The WTS spotlight surely fell on Gem® this past month, as excitement and activity built around the first commercial local- and export consignment of the cultivar Gem® being marketed. This formed a good momentum towards the Gem® Growers Club day that was held in Howick on 14 October 2013. The focus of this day was not as in the past primarily on the technical aspects of the cultivar. Rather, both national and international guest speakers highlighted the marketing opportunities for Gem®.
Feedback from a UK based supermarket confirmed that Gem® was accepted into their “finest” range. During the evaluation process, there was not a single negative comment made about the cultivar, and evaluators liked the dark external colour with yellow speckles, loved the yellow flesh colour, and of course were impressed by the taste profile with a fantastic after taste.
Avozilla has been causing a social media storm in recent weeks after it was released in limited numbers at Tesco stores in the UK for £3 apiece. Articles in Fresh Fruit Portal, Fruit Net, The Independent, The Guardian, Metro, The Huffington Post, Express, Dutch, French and German newspapers, as well as Twitter, Facebook, and Google+ shows the fresh produce world intrigued with this giant.
To clear up some confusion on the matter, Avozilla is NOT genetically modified and has not been treated with any growth-enhancing chemicals. A Westfalia farmer found the feral mother-tree growing in the lush natural forest around Modjadjiskloof, Limpopo, South Africa. Avozilla is a natural monster fruit with superb eating quality.
To explain how this extraordinary avocado came into being, avocados have three races (sub-species), and Avozilla is a cross between two of these races. The West Indian race of avocados does grow especially large but the fruit are typically watery and slightly sweet. The Guatemalan race has the typical buttery, nutty taste to which we are accustomed. Avozilla is a cross between these two races, meaning the eating quality is superior to the typical “butter pear” (a pure West Indian variety) and it is also more disease resistant.
Westfalia Fruit has recently trademarked “Avozilla” for our range of Giant Avocados so this publicity is not just a flash in the pan, you will be seeing more of Avozilla and his relatives in the future.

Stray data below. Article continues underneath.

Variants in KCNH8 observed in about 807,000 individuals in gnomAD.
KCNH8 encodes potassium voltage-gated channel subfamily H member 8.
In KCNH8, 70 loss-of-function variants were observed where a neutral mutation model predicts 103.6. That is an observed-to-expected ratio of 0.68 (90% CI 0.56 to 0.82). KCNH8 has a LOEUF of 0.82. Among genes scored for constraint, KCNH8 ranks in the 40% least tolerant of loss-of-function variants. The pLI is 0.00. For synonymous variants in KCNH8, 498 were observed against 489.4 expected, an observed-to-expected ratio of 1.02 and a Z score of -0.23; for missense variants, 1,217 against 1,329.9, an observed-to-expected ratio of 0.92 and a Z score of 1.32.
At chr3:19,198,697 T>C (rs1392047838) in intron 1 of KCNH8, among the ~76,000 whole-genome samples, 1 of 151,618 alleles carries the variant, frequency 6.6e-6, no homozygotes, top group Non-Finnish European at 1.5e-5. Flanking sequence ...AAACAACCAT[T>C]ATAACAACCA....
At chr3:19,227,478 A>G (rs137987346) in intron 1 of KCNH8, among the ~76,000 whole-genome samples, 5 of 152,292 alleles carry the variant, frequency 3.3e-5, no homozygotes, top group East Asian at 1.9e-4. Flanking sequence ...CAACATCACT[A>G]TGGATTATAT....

Unfortunately these trees are not available for commercial sale and volumes of fruit are also very limited at this stage. As the news articles have mentioned, there are truly only very few Avozilla trees that are bearing fruit at this stage. From the great interest in these giant avocados, we will be planting additional trees to supply more fruit in the near future.
The founder of Westfalia, Dr Hans Merensky (HM), expressed the wish that international exchange in research should be promoted through Westfalia and the Hans Merensky Foundation. Therefore, WTS has the opportunity to invite a renowned researcher to Westfalia to enable interaction and sharing of international knowledge and experience. In the past, WTS had among others Prof John Menge and Dr Mary Lu Arpaia (both from the University of California Riverside), Prof. Dov Prusky (University of Jerusalem in Israel) and Dr. Richard Campbell (Fairtrade institute in Florida) visiting Westfalia as invited HM Fellows.
For the 2013 Fellow, WTS invited Dr. Iňaki Hormaza from Spain. Professor Hormaza is head of the Institute of Subtropical Fruit research at the University of Malaga with key interests in molecular tools for fingerprinting, breeding and germplasm conservation in temperate and subtropical fruit tree species; as well as the reproductive biology of temperate and subtropical fruit tree species with special interest in the effects of climate change on reproductive biology and pollen-pistil interactions. His avocado-specific research focuses on pollination of flowers; specifically the effect of starch content of avocado styles and its’ effect on pollen tube growth and pollination.
Dr. Hormaza visited Westfalia Fruit Estates from the 6th of May 2013. To facilitate and encourage international cross-pollination of research ideas, WTS also invited a few selected guests to contribute to a week-long technical session. These guests included Dr. Mary Lu Arpaia (University of California Riverside), Dr Elizabeth Dann (Queensland Alliance for Agriculture & Food Innovation, Australia), Dr. Monica Castro (Catholic University of Valparaiso, Chile) and Dr. Noelani van den Berg (University of Pretoria, Forestry and Biotechnology Institute). Also attending was a team from the Californian avocado nursery (Brokaw Nursery), which included Rob Brokaw and Dr. Octaviano Lemus.
The team of international visitors, in conjunction with the WTS research team, spent five days in various Westfalia Fruit Estate orchards and related facilities discussing a wide range of topics relevant to the management of the avocado supply/production chain. The visit by the 2013 HM fellow and his accompanying guests ensured that not only was the newest knowledge on avocados was exchanged, but it also strengthened the important collaborative bonds that WTS had developed with key institutions throughout the past few decades.